It's fine to have beliefs and feel passionately about them so long as you remember that they are just beliefs and they are not necessarily right... When your self-identity and beliefs merge, differences feel threatening. You are likely to defend your turf, become righteous and angry, and possibly shame or abuse other people who see things differently. When people adopt a belief - be it about religion, politics, sex roles, or whatever - as the one, correct belief, their minds get locked up in a rigid box, and other people with differing beliefs are the enemy. And what do you do to the enemy? Abuse them, shame them, hate them or even kill them.
Thus there is not, and never shall be, a DecidingToBeBetter "extremist" or "fundamentalist". You cannot be an ethical person, a person of integrity, while screaming at someone else or killing someone else because they do not believe the same things you believe. It is impossible to be doing good works and making the world a better place while accusing half of the world of being idiots. There are better ways for humans to communicate.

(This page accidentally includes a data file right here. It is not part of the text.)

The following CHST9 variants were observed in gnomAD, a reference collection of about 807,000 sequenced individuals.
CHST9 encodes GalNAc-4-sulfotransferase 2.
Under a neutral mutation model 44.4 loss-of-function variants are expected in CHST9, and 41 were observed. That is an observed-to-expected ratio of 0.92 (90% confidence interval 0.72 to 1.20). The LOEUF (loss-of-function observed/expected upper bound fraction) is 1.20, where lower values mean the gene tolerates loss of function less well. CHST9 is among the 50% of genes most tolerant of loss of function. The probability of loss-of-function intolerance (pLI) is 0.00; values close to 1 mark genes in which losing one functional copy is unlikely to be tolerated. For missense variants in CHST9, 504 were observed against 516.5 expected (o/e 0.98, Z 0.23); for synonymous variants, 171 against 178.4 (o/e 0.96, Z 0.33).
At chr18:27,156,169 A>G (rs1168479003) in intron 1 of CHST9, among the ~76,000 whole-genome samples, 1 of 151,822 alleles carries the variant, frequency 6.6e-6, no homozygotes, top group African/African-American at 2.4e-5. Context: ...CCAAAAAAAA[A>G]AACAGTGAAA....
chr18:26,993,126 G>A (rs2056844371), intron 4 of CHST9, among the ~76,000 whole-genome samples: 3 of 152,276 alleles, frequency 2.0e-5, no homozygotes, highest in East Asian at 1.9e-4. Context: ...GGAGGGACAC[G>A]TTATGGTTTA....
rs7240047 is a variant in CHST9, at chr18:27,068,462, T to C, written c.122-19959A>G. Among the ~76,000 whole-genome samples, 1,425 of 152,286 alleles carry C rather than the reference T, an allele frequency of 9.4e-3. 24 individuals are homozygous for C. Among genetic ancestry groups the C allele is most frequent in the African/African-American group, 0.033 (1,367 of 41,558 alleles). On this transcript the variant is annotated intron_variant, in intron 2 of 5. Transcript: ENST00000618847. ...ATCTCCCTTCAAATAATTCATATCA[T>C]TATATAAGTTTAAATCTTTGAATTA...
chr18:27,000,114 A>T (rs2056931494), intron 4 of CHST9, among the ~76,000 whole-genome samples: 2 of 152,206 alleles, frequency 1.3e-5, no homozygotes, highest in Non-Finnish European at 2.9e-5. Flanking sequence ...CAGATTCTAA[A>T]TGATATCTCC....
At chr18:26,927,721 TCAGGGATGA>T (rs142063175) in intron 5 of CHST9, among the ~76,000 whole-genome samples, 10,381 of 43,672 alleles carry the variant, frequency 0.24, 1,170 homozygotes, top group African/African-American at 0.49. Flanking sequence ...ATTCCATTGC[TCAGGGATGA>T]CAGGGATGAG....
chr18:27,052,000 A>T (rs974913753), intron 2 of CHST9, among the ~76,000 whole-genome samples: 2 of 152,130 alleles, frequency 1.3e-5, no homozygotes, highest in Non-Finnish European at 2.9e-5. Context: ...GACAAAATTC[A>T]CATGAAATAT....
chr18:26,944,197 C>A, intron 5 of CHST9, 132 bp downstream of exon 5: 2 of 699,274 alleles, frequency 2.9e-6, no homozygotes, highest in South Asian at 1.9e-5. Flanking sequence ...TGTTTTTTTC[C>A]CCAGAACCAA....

This doesn't mean that you should put away your soap box if there is something important you want to say to the world. But if you know that "a belief is a belief is a belief" and it isn't necessarily so, you'll deliver your message in a way that more people can hear. And you will end up with a sense of humor. Righteous people are usually deadly serious. If you want an example, listen the the preachers on TV and wait for someone to laugh at himself or herself.